I’m going to help you troubleshoot a particular issue that many AWS users face – locked out of SSH into your EC2 instance. This might happen if you have made some changes in firewall (in Ubuntu its ufw) for example you enabled it and allowed some port only and if that ssh connection broke or something, you can’t get reconnect. Don’t worry; I’ve got your back! In just couple of minutes, I’ll show you some quick steps to get you back on track.
Before we dive in….. there are couple of points to remember
1.) This procedure requires a stop and start of the EC2 instance. If the instance has any data stored on instance store volumes, that data is deleted after stopping the instance.
2.) If the instance is part of an Amazon EC2 Auto Scaling group, then terminating the instance might also stop instances within the Auto Scaling group.
3.) If the instance is launched by services that use AWS Auto Scaling, then terminating the instance might also stop instances within the Auto Scaling group.
4.) Instance termination depends on the instance scale-in protection settings for the Auto Scaling group. If the instance is part of an Auto Scaling group, temporarily remove the instance from the Auto Scaling group before starting the resolution steps.
5.) Stopping and starting the instance changes the public IP address of the instance. It’s a best practice to use an Elastic IP address instead of a public IP address when routing external traffic to the instance.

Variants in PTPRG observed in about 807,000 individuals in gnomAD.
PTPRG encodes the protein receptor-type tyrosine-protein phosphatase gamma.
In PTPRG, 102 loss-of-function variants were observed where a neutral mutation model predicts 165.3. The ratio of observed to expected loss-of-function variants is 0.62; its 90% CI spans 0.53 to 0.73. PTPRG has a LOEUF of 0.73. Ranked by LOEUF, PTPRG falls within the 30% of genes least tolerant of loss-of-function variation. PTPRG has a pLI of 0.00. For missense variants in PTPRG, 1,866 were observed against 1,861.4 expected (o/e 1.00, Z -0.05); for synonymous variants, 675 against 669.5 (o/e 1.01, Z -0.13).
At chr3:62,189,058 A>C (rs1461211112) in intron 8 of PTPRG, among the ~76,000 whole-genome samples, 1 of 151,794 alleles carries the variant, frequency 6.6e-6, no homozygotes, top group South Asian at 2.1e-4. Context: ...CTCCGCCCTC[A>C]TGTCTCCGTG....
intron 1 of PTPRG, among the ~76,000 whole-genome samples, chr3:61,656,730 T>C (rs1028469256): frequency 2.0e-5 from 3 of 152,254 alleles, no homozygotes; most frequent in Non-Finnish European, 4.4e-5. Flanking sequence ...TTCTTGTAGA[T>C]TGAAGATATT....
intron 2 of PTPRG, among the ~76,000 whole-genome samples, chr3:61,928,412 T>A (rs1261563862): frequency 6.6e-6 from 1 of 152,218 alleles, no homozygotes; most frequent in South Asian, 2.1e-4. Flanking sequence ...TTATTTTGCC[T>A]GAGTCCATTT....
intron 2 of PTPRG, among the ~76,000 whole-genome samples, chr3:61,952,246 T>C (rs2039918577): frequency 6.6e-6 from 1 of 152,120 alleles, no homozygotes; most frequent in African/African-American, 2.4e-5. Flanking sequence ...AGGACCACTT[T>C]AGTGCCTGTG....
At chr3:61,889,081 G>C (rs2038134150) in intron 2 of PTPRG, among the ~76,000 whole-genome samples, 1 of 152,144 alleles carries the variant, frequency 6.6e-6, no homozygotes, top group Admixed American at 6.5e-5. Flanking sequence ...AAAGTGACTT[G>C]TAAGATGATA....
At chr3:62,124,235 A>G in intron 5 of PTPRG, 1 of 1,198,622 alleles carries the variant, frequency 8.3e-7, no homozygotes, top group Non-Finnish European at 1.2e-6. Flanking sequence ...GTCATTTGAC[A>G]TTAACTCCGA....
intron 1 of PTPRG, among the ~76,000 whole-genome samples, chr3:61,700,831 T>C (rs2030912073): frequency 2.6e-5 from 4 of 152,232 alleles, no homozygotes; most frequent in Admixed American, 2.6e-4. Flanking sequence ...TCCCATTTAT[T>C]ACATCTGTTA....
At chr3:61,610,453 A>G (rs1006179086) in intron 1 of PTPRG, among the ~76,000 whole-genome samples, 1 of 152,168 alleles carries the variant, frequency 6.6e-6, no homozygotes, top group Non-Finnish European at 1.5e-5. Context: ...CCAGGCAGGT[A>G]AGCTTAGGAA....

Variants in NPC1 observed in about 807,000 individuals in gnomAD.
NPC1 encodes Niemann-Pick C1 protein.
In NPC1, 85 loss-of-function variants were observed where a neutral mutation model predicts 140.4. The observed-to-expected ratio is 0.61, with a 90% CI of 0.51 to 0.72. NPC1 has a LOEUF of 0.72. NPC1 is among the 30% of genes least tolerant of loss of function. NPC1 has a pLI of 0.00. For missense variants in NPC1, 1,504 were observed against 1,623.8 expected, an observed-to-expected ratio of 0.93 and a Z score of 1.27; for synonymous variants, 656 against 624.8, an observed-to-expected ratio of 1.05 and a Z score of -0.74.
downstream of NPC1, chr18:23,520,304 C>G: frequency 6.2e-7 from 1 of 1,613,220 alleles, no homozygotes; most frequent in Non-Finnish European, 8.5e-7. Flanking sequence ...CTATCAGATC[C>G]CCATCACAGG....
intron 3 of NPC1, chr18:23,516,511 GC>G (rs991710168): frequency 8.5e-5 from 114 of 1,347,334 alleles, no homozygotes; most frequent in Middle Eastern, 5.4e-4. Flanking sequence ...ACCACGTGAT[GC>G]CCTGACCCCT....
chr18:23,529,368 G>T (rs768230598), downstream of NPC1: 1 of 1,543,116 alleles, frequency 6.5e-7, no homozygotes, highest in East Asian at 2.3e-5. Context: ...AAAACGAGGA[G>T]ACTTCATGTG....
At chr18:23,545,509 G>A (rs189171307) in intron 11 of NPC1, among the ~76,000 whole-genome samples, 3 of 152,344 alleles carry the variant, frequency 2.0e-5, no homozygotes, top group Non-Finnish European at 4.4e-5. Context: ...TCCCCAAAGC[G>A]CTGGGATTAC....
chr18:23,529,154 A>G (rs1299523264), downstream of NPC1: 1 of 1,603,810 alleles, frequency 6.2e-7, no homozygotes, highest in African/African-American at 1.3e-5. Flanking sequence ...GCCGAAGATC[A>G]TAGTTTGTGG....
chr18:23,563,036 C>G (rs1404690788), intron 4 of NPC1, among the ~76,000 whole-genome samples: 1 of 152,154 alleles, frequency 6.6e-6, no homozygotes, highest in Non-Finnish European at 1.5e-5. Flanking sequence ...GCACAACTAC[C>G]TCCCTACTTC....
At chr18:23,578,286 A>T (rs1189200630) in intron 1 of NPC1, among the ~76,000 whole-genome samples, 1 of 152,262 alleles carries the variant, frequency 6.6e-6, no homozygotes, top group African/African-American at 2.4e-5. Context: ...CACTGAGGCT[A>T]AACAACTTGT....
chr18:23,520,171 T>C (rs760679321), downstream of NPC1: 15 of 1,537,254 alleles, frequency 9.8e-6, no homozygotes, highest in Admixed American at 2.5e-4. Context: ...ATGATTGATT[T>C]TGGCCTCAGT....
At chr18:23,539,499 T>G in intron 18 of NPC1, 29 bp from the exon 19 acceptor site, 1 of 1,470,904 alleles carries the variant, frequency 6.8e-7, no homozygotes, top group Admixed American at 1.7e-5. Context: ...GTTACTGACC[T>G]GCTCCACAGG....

Follow these steps to configure user-data for the instance:
1.) Open the Amazon EC2 console.
2. Choose Instances from the navigation pane, and then select the instance that you plan to connect to.
3. Stop the instance.
4. Choose Actions, Instance Settings, Edit User Data.
5. Copy the following user data script into the Edit User Data dialog box, and then choose Save.
Content-Type: multipart/mixed; boundary="//"
Content-Type: text/cloud-config; charset="us-ascii"
Content-Disposition: attachment; filename="cloud-config.txt"
- [scripts-user, always]
Content-Disposition: attachment; filename="userdata.txt"
iptables -P INPUT ACCEPT
systemctl restart sshd.service || service sshd restart
if [[ $( cat /etc/hosts.[ad]* | grep -vE '^#' | awk 'NF' | wc -l) -ne 0 ]];\
then sudo sed -i '1i sshd2 sshd : ALL: allow' /etc/hosts.allow; fi
6. Connect to the instance using SSH.
7. The preceding user data script is set to run on every reboot of the instance. After regaining access to the instance, remove the user data script.